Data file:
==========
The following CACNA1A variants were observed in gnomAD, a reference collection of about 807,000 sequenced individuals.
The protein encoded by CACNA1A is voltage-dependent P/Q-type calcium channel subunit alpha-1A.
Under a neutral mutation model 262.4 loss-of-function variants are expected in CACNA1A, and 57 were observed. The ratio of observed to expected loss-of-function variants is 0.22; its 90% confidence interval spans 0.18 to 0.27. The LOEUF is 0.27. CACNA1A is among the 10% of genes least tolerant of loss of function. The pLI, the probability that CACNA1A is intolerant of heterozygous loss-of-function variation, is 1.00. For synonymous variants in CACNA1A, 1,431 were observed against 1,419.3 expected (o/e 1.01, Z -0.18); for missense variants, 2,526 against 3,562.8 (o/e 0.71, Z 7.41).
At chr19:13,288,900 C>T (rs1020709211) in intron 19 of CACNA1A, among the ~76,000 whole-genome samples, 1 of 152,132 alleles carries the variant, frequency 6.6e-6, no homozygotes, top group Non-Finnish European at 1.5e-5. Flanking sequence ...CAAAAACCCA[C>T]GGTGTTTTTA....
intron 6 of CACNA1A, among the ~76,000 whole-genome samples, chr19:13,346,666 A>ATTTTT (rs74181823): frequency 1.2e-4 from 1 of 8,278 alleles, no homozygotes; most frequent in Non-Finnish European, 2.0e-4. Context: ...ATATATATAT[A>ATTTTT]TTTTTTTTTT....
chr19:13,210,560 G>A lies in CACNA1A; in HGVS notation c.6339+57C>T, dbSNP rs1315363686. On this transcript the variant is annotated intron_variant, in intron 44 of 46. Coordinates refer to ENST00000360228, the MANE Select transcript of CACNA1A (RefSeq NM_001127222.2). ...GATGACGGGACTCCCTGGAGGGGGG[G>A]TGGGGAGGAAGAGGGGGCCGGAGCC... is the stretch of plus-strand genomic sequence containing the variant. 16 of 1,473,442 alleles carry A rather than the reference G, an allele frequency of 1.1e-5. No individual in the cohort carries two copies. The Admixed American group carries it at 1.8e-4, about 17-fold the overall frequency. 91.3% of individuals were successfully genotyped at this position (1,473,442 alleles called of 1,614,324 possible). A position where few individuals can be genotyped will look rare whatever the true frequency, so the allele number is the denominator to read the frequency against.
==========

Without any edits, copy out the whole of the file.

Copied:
The following CACNA1A variants were observed in gnomAD, a reference collection of about 807,000 sequenced individuals.
The protein encoded by CACNA1A is voltage-dependent P/Q-type calcium channel subunit alpha-1A.
Under a neutral mutation model 262.4 loss-of-function variants are expected in CACNA1A, and 57 were observed. The ratio of observed to expected loss-of-function variants is 0.22; its 90% confidence interval spans 0.18 to 0.27. The LOEUF is 0.27. CACNA1A is among the 10% of genes least tolerant of loss of function. The pLI, the probability that CACNA1A is intolerant of heterozygous loss-of-function variation, is 1.00. For synonymous variants in CACNA1A, 1,431 were observed against 1,419.3 expected (o/e 1.01, Z -0.18); for missense variants, 2,526 against 3,562.8 (o/e 0.71, Z 7.41).
At chr19:13,288,900 C>T (rs1020709211) in intron 19 of CACNA1A, among the ~76,000 whole-genome samples, 1 of 152,132 alleles carries the variant, frequency 6.6e-6, no homozygotes, top group Non-Finnish European at 1.5e-5. Flanking sequence ...CAAAAACCCA[C>T]GGTGTTTTTA....
intron 6 of CACNA1A, among the ~76,000 whole-genome samples, chr19:13,346,666 A>ATTTTT (rs74181823): frequency 1.2e-4 from 1 of 8,278 alleles, no homozygotes; most frequent in Non-Finnish European, 2.0e-4. Context: ...ATATATATAT[A>ATTTTT]TTTTTTTTTT....
chr19:13,210,560 G>A lies in CACNA1A; in HGVS notation c.6339+57C>T, dbSNP rs1315363686. On this transcript the variant is annotated intron_variant, in intron 44 of 46. Coordinates refer to ENST00000360228, the MANE Select transcript of CACNA1A (RefSeq NM_001127222.2). ...GATGACGGGACTCCCTGGAGGGGGG[G>A]TGGGGAGGAAGAGGGGGCCGGAGCC... is the stretch of plus-strand genomic sequence containing the variant. 16 of 1,473,442 alleles carry A rather than the reference G, an allele frequency of 1.1e-5. No individual in the cohort carries two copies. The Admixed American group carries it at 1.8e-4, about 17-fold the overall frequency. 91.3% of individuals were successfully genotyped at this position (1,473,442 alleles called of 1,614,324 possible). A position where few individuals can be genotyped will look rare whatever the true frequency, so the allele number is the denominator to read the frequency against.